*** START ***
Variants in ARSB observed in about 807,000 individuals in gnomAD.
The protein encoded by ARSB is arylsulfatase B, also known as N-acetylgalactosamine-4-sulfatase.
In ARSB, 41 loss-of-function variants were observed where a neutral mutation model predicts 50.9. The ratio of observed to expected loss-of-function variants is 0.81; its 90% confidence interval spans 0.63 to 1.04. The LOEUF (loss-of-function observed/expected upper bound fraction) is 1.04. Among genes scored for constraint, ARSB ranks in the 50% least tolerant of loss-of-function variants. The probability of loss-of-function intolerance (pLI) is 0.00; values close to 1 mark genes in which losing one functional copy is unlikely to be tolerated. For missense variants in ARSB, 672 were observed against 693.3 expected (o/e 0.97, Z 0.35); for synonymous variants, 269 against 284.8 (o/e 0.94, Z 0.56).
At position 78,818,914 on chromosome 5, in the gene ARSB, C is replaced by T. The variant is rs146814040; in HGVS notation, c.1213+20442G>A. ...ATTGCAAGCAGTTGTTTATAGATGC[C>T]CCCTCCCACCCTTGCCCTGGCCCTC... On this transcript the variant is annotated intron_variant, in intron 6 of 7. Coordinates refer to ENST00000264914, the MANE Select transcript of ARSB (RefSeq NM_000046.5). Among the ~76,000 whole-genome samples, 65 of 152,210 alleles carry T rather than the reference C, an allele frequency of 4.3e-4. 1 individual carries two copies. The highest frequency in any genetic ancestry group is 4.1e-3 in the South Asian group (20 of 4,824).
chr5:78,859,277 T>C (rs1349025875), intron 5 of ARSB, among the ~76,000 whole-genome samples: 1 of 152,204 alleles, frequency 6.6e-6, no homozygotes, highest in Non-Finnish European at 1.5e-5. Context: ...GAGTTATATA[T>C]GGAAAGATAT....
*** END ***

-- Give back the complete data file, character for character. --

Variants in ARSB observed in about 807,000 individuals in gnomAD.
The protein encoded by ARSB is arylsulfatase B, also known as N-acetylgalactosamine-4-sulfatase.
In ARSB, 41 loss-of-function variants were observed where a neutral mutation model predicts 50.9. The ratio of observed to expected loss-of-function variants is 0.81; its 90% confidence interval spans 0.63 to 1.04. The LOEUF (loss-of-function observed/expected upper bound fraction) is 1.04. Among genes scored for constraint, ARSB ranks in the 50% least tolerant of loss-of-function variants. The probability of loss-of-function intolerance (pLI) is 0.00; values close to 1 mark genes in which losing one functional copy is unlikely to be tolerated. For missense variants in ARSB, 672 were observed against 693.3 expected (o/e 0.97, Z 0.35); for synonymous variants, 269 against 284.8 (o/e 0.94, Z 0.56).
At position 78,818,914 on chromosome 5, in the gene ARSB, C is replaced by T. The variant is rs146814040; in HGVS notation, c.1213+20442G>A. ...ATTGCAAGCAGTTGTTTATAGATGC[C>T]CCCTCCCACCCTTGCCCTGGCCCTC... On this transcript the variant is annotated intron_variant, in intron 6 of 7. Coordinates refer to ENST00000264914, the MANE Select transcript of ARSB (RefSeq NM_000046.5). Among the ~76,000 whole-genome samples, 65 of 152,210 alleles carry T rather than the reference C, an allele frequency of 4.3e-4. 1 individual carries two copies. The highest frequency in any genetic ancestry group is 4.1e-3 in the South Asian group (20 of 4,824).
chr5:78,859,277 T>C (rs1349025875), intron 5 of ARSB, among the ~76,000 whole-genome samples: 1 of 152,204 alleles, frequency 6.6e-6, no homozygotes, highest in Non-Finnish European at 1.5e-5. Context: ...GAGTTATATA[T>C]GGAAAGATAT....